On its 150th anniversary, the Tennessee whiskey distillery concedes that its official history didn’t tell the whole story of its origins.
LYNCHBURG, Tenn. — Every year, about 275,000 people tour the Jack Daniel’s distillery in Lynchburg, and as they stroll through its brick buildings nestled in a tree-shaded hollow, they hear a story like this: In the 1850s, when Daniel was a boy, he went to work for a preacher, grocer and distiller named Dan Call. The preacher was a busy man, and when he saw promise in young Jack, he taught him how to run his whiskey still — and the rest is history.
This year is the 150th anniversary of Jack Daniel’s, and the distillery, home to one of the world’s best-selling whiskeys, is using the occasion to tell a different, more complicated tale. Daniel, the company now says, didn’t learn distilling from Dan Call, but from a man named Nearis Green, one of Call’s slaves.
This version of the story was never a secret, but it is one the distillery has only recently begun to embrace, tentatively, in some of its tours, and in a social-media and marketing campaign this summer.
“It’s taken something like the anniversary for us to start to talk about ourselves,” said Nelson Eddy, Jack Daniel’s in-house historian.
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Frontier history is a gauzy and unreliable pursuit, and Nearis Green’s story — built on oral history and the thinnest of archival trails — may never be definitively proved. Still, the decision to tell it resonates far beyond this small city.
For years, the prevailing history of American whiskey has been framed as a lily-white affair, centered on German and Scots-Irish settlers who distilled their surplus grains into whiskey and sent it to far-off markets, eventually creating a $2.9 billion industry and a product equally beloved by Kentucky colonels and Brooklyn hipsters.
Left out of that account were men like Nearis Green. Slavery and whiskey, far from being two separate strands of Southern history, were inextricably entwined. Enslaved men not only made up the bulk of the distilling labor force, but they often played crucial skilled roles in the whiskey-making process. In the same way that white cookbook authors often appropriated recipes from their black cooks, white distillery owners took credit for the whiskey.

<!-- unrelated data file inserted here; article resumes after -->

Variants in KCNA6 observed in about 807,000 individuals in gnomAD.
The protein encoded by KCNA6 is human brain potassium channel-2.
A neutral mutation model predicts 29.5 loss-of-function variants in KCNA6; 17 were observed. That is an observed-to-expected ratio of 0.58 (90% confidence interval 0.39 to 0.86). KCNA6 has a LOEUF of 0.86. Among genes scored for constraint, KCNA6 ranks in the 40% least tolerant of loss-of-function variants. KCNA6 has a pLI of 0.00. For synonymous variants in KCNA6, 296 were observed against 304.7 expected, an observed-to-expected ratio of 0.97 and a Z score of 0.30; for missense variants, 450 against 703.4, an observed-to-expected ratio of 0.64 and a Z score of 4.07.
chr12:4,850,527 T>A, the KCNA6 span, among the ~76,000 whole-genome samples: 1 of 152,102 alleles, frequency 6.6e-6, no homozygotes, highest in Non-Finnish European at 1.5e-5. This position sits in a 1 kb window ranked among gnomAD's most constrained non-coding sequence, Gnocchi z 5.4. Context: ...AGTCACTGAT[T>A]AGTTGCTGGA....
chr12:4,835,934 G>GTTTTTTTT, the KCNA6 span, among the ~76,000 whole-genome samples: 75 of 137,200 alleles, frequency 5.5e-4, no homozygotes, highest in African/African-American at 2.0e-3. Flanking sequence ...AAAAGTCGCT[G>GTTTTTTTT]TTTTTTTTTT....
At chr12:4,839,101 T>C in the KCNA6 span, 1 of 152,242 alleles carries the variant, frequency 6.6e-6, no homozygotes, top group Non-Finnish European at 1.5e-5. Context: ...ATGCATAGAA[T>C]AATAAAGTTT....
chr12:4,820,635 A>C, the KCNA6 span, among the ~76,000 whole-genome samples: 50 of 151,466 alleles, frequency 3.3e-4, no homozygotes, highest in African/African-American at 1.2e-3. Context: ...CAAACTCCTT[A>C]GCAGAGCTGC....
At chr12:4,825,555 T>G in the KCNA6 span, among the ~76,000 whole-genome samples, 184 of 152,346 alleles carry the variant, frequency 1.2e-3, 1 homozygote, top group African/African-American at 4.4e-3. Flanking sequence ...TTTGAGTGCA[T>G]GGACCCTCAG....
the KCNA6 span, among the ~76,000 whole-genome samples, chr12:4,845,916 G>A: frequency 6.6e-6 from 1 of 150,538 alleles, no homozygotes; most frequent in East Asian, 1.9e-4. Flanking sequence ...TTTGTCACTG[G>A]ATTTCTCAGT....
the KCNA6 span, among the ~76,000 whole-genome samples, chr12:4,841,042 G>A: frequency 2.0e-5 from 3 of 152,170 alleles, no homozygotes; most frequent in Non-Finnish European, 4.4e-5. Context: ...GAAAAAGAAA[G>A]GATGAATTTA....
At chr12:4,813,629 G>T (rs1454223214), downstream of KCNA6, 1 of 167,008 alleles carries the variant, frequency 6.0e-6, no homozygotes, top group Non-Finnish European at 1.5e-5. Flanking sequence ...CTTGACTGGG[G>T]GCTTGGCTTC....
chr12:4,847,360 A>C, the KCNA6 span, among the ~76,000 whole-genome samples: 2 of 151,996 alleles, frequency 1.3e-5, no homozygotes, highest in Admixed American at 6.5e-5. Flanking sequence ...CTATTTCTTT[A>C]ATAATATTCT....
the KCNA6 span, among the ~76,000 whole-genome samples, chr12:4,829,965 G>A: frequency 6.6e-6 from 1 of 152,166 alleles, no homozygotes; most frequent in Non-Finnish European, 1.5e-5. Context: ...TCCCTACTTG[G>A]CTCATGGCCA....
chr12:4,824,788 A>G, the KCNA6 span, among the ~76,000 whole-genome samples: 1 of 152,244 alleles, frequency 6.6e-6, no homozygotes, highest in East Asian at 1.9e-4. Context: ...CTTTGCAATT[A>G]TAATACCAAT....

In deciding to talk about Green, Jack Daniel’s may be hoping to get ahead of a collision between the growing popularity of American whiskey among younger drinkers and a heightened awareness of the hidden racial politics behind America’s culinary heritage.
Some also see the move as a savvy marketing tactic. “When you look at the history of Jack Daniel’s, it’s gotten glossier over the years,” said Peter Krass, author of “Blood and Whiskey: The Life and Times of Jack Daniel.”
“In the 1980s, they aimed at yuppies. I could see them taking it to the next level, to millennials, who dig social-justice issues.”
Jack Daniel’s says it simply wants to set the record straight. The Green story has been known to historians and locals for decades, even as the distillery officially ignored it.
According to a 1967 biography, “Jack Daniel’s Legacy,” by Ben A. Green (no relation to Nearis), Call told his slave to teach Daniel everything he knew. “Uncle Nearest is the best whiskey maker that I know of,” the book quotes Call as saying.
Slavery ended with ratification of the 13th Amendment in 1865, and Daniel opened his distillery a year later, employing two of Green’s sons. In a photo of Daniel and his workers taken in the late 19th century, a black man, possibly one of Green’s sons, sits at his immediate right — a sharp contrast to contemporaneous photos from other distilleries, where black employees were made to stand in the back rows.
But corporate history-keeping was a rare practice in those days, and over time memories of Green and his sons faded.